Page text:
Are Commission Based Financial Advisors Good or Bad?

Many people go into their search for financial help convinced that the one thing they know for sure is that they do not ever want to pay commissions, where the advisor gets a cut of the action, because that encourages the broker (typically) to make moves that generate fees. As a result of that public backlash at commissions, the financial services industry has moved toward flat fees, which it pitches as a safe, conflict-free way to do business.

Wrong.

The most important thing to remember about paying for advice is: No matter the fee structure, there are potential conflicts of interest in virtually every type of advisory relationship.

While there is no question that commissions encourage an advisor to be a pushy salesman, the issue is right out in the open, easy for you to recognize and understand.
If your advisor buys you a portfolio of mutual funds and earns a commission on the purchases, but comes to you a month later saying it's time for a change, selling one fund to buy a new one -- a transaction that generates a fresh commission -- your guard goes right up. After all, if the fund was worth buying a month ago, and you weren't timing the market, something strange or bad must have happened to justify the change so quickly. If you sense that the problem is less about the mutual funds and more that the guy has a car payment coming due, you'll quickly take steps to stop the problem.

Smart Investor Tip

No matter the fee structure, there are potential conflicts of interest in virtually every type of advisory relationship.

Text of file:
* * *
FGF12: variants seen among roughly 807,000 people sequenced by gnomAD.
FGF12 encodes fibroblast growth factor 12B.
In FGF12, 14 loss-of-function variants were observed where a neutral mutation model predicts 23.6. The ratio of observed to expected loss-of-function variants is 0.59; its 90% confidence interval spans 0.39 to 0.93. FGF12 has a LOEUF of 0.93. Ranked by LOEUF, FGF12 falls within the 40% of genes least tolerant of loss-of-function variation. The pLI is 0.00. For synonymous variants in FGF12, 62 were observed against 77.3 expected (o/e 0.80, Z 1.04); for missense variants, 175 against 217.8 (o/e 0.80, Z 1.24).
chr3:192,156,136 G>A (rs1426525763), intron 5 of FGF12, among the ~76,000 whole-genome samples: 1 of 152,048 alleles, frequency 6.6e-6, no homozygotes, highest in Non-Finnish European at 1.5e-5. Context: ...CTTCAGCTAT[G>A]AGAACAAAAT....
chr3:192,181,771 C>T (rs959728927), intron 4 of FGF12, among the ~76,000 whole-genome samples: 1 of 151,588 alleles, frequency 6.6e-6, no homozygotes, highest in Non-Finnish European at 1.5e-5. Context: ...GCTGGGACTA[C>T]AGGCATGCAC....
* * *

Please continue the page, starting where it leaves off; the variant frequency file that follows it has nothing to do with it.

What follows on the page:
Investors worry about "churning," trades made more to generate commissions than for real strategic reasons, but the attention paid to the issue and the step-ups in disclosure requirements over the years have made churning a much less significant concern.

According to the latest statistics from the National Association of Securities Dealers, churning is a problem in roughly 2 percent of the complaints filed against advisors. By comparison, breach of fiduciary duty -- where an advisor fails to put your best interests ahead of his own -- is involved in roughly one of every four complaints. That problem can arise no matter how you pay an advisor (there's much more on fiduciary responsibility in Chapter ).
By Chuck Jaffe
Chuck Jaffe is a senior columnist and host of two weekly podcasts at MarkWatch. He has also been a guest speaker on several television and radio shows.

Copyrighted 2016. Content published with author's permission.

Posted in ...